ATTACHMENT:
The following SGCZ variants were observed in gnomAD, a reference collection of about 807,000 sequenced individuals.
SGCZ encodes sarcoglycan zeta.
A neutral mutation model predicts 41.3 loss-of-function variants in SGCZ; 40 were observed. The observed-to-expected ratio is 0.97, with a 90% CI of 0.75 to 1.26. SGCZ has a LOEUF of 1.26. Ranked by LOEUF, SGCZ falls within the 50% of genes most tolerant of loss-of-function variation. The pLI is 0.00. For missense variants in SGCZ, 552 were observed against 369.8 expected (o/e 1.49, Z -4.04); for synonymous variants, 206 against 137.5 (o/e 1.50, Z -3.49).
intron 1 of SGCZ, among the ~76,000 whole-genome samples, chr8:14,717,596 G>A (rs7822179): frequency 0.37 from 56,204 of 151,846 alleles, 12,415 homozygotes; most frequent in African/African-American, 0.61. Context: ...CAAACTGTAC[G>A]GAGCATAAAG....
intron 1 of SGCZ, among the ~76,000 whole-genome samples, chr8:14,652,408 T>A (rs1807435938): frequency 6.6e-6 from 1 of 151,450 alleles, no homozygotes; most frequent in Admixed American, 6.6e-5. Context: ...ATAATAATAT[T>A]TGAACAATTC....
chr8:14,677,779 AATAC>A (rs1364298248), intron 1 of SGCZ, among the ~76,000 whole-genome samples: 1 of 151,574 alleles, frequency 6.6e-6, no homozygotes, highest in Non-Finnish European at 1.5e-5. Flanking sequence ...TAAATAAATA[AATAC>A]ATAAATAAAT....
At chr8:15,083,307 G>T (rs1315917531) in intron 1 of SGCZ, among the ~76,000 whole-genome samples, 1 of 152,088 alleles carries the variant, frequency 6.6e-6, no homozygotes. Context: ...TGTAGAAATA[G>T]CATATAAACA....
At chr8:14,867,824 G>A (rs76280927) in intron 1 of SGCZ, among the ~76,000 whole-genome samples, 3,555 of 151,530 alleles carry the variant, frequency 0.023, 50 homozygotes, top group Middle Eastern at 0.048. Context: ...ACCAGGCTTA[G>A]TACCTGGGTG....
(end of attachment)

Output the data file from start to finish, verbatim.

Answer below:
The following SGCZ variants were observed in gnomAD, a reference collection of about 807,000 sequenced individuals.
SGCZ encodes sarcoglycan zeta.
A neutral mutation model predicts 41.3 loss-of-function variants in SGCZ; 40 were observed. The observed-to-expected ratio is 0.97, with a 90% CI of 0.75 to 1.26. SGCZ has a LOEUF of 1.26. Ranked by LOEUF, SGCZ falls within the 50% of genes most tolerant of loss-of-function variation. The pLI is 0.00. For missense variants in SGCZ, 552 were observed against 369.8 expected (o/e 1.49, Z -4.04); for synonymous variants, 206 against 137.5 (o/e 1.50, Z -3.49).
intron 1 of SGCZ, among the ~76,000 whole-genome samples, chr8:14,717,596 G>A (rs7822179): frequency 0.37 from 56,204 of 151,846 alleles, 12,415 homozygotes; most frequent in African/African-American, 0.61. Context: ...CAAACTGTAC[G>A]GAGCATAAAG....
intron 1 of SGCZ, among the ~76,000 whole-genome samples, chr8:14,652,408 T>A (rs1807435938): frequency 6.6e-6 from 1 of 151,450 alleles, no homozygotes; most frequent in Admixed American, 6.6e-5. Context: ...ATAATAATAT[T>A]TGAACAATTC....
chr8:14,677,779 AATAC>A (rs1364298248), intron 1 of SGCZ, among the ~76,000 whole-genome samples: 1 of 151,574 alleles, frequency 6.6e-6, no homozygotes, highest in Non-Finnish European at 1.5e-5. Flanking sequence ...TAAATAAATA[AATAC>A]ATAAATAAAT....
At chr8:15,083,307 G>T (rs1315917531) in intron 1 of SGCZ, among the ~76,000 whole-genome samples, 1 of 152,088 alleles carries the variant, frequency 6.6e-6, no homozygotes. Context: ...TGTAGAAATA[G>T]CATATAAACA....
At chr8:14,867,824 G>A (rs76280927) in intron 1 of SGCZ, among the ~76,000 whole-genome samples, 3,555 of 151,530 alleles carry the variant, frequency 0.023, 50 homozygotes, top group Middle Eastern at 0.048. Context: ...ACCAGGCTTA[G>A]TACCTGGGTG....